Mary: Yeah, so it's a very versatile meal really? Cause it's like, sort of in-between meal, you can kind of adapt it to anything, but we've had birthday celebrations, we've had graduations, that's quite a popular one every year. People come to celebrate with their parents and the family. We have hen dos, that's quite a popular one as well 'cause it seems a bit more laid back and relaxed and elegant than, than, you know, some activities. And we also have the option for weddings, which is quite a popular option actually.

Cause I know a lot of people prefer to have the whole wedding breakfast and a three-course meal, but other people just want something still really special and refined but more relaxed. So it can sort of fit to any occasion really, and we see quite a lot of variety with that.

Rosanna: Oh lovely. I remember going to the Royal Crescent Hotel last year, just before Christmas, and they had a lovely Christmas themed afternoon tea. So that was really nice, and we didn't have a particular occasion. We just went along. It was lovely, a really nice way to make an afternoon special. So yeah.

Mary: Oh yeah. That sounds lovely. Yeah. No, you don't even need an occasion, do you? Sometimes it's just nice to treat yourself and, yeah, our Christmas afternoon tea is really lovely. We do little santa's tummies with a belt on that are very sweet.

Rosanna: Delicious. So, how do you make the perfect cup of tea?

Mary: Ooh, another tense subject, but obviously here in the UK, everyone has their own way of making it. And then, I think wars have probably been started over less. but we sort of let our guests pour their own for that exact reason. And so everyone has their own different way. For me, my perfect cup of tea would just be a nice classic peppermint tea, well stewed.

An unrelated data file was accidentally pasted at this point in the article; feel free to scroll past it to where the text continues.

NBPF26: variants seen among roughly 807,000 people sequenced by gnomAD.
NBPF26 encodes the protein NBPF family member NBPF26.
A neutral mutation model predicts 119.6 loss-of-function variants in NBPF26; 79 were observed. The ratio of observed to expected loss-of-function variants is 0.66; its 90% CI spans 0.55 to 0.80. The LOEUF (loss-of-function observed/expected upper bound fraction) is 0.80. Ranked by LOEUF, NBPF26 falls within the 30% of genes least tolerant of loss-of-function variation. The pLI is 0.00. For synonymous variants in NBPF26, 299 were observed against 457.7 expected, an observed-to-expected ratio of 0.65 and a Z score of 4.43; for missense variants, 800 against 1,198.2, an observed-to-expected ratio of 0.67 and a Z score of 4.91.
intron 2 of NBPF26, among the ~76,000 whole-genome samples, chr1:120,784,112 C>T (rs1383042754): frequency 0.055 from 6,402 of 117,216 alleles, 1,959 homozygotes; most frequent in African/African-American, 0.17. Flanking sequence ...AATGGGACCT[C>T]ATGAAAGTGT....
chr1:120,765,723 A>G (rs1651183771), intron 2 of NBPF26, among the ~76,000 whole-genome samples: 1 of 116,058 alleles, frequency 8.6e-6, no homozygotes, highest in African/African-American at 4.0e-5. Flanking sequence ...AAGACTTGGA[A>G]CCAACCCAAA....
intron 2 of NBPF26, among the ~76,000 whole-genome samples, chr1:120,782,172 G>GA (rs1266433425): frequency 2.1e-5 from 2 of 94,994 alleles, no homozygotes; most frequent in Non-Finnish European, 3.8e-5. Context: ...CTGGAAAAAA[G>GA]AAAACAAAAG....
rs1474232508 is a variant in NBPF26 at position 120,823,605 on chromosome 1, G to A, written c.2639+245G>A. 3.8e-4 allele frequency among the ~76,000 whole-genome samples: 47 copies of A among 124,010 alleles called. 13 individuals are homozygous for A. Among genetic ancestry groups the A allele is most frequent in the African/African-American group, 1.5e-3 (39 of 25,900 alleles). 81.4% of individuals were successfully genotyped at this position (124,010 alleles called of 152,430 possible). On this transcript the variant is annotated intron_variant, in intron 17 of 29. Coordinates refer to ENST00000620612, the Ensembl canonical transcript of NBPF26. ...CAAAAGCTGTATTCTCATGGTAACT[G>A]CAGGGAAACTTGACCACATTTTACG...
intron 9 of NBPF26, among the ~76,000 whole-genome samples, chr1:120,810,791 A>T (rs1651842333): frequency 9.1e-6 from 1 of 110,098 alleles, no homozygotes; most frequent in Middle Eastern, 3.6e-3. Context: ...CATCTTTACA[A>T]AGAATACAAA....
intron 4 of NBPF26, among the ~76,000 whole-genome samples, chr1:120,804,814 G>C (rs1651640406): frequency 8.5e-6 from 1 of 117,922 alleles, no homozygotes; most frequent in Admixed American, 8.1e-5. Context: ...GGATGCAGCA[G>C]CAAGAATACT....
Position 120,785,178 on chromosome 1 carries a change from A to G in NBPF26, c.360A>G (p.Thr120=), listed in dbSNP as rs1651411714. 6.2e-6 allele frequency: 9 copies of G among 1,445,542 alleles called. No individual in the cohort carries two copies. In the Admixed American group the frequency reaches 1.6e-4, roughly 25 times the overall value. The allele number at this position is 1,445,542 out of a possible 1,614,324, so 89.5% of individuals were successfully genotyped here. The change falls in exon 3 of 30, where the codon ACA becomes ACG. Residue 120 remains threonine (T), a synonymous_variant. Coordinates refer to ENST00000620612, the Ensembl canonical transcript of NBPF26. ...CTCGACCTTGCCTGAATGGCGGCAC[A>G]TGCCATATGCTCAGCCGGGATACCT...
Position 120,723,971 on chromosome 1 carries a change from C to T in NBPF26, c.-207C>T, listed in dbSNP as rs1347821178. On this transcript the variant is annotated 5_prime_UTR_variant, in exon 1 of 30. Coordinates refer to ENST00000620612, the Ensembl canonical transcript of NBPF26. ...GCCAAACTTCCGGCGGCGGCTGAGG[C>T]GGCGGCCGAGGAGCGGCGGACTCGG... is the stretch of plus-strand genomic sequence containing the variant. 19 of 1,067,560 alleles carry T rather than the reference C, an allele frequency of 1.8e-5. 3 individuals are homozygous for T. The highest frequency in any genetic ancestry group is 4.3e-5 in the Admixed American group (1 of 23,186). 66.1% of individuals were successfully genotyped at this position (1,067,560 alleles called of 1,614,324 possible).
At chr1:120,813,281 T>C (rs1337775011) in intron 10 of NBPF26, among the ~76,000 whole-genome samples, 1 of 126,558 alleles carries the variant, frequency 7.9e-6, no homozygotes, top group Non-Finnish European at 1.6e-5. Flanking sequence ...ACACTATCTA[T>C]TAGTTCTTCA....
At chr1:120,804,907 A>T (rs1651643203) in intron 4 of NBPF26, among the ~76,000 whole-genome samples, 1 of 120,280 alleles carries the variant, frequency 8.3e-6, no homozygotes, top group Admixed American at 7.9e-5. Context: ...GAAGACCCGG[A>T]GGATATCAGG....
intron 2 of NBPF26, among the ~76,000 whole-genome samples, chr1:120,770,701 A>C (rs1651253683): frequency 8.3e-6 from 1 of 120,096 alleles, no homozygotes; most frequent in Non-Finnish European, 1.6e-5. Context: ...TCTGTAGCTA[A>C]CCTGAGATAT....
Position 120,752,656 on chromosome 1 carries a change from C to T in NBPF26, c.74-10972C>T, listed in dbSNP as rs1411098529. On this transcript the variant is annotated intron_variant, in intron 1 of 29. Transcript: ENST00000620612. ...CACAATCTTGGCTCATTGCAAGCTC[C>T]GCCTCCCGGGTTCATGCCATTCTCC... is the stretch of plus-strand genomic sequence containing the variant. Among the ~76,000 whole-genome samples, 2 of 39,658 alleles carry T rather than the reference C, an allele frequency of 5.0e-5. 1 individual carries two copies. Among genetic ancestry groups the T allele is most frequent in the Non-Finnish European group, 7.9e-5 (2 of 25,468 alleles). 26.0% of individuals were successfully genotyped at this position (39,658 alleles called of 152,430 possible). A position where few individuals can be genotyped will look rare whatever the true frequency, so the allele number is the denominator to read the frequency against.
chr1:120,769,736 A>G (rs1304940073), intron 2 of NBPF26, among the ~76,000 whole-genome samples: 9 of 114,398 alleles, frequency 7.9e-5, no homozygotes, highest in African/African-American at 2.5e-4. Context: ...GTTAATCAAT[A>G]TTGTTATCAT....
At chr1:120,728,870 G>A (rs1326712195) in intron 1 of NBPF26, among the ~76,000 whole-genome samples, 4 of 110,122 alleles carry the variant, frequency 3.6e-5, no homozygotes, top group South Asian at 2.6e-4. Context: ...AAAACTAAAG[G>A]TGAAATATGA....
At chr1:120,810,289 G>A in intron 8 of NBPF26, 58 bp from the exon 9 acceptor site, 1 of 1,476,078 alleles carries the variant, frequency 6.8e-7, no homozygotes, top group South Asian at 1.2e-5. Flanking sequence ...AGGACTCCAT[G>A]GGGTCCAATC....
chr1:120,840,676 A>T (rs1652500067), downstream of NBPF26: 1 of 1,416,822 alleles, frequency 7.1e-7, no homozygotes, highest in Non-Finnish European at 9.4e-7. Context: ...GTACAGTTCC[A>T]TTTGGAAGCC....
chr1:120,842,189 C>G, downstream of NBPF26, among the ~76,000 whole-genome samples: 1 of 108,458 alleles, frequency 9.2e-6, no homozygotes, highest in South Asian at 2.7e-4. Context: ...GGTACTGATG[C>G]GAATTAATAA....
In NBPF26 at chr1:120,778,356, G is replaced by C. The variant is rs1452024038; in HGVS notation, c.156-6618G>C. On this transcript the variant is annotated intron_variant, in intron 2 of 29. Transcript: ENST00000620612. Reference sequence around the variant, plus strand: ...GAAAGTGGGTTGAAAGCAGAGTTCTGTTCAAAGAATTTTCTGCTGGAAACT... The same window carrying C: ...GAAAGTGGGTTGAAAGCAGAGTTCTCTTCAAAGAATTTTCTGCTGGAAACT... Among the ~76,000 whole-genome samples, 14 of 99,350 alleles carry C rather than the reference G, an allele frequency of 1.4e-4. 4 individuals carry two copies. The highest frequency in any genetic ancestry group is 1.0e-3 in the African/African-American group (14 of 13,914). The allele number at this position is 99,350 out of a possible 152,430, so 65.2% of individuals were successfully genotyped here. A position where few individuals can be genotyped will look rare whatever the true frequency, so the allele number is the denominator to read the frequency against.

Rosanna: Oh, lovely. Excellent. And do you serve many types of tea at the Royal Crescent? You mentioned that you could have either tea or champagne or even coffee, but classically, I guess a cup of tea is what most people would have with it.

Mary: Yes. Yes. So tea's a really popular request and we have over 13 different types from a brand called Ronnefeldt , and there's something to suit every pallet, probably the most popular ones that are asked for are English Breakfast, and also Earl Grey, but another one, which is really, really lovely, it's called Granny's Garden.

So that has a sort of an infusion of rhubarb, vanilla, apple, hibiscus, and rosehip. So really beautiful flavours. And, that one sort of captures people's imagination I think when they see it on the menu. And that, that goes down quite well as well.

Rosanna: That sounds really nice. Do you put milk with that? Or..

Mary: I mean, guests can if they wish, most people tend to take it without milk.

Rosanna: Okay. Lovely. Very nice. And finally, three words that you can think of that summarize the feelings surrounding afternoon tea or afternoon tea in general, three words that pop into your mind.

Decadence, traditional, and joyful. Especially joyful, I think it's such a lovely way to catch up with friends and it's a really nice way to mark an occasion.

Well, thank you so much for talking to us, Mary.

Mary: It was a pleasure. Thank you for having me.

Rosanna: I encourage anyone that's visiting Bath to visit the Royal Crescent Hotel because it's in a beautiful setting in the world-famous Royal Crescent. And, yeah, you would spend a lovely afternoon there. Indeed.

Mary: Thank you Rosanna.

Dan: Well, I don't know about you, but all of those descriptions of delicious food are making me hungry. I think it must be tea time.

That's all for this episode.

If you've enjoyed it, please write a review on your podcast platform. If you'd like to read more about tea time, then there's the online magazine, which is free of charge, on our homepage britishcultureclub.org.

You can also find the link to our new Facebook group, where you can discuss these topics and ask us questions.

Goodbye for now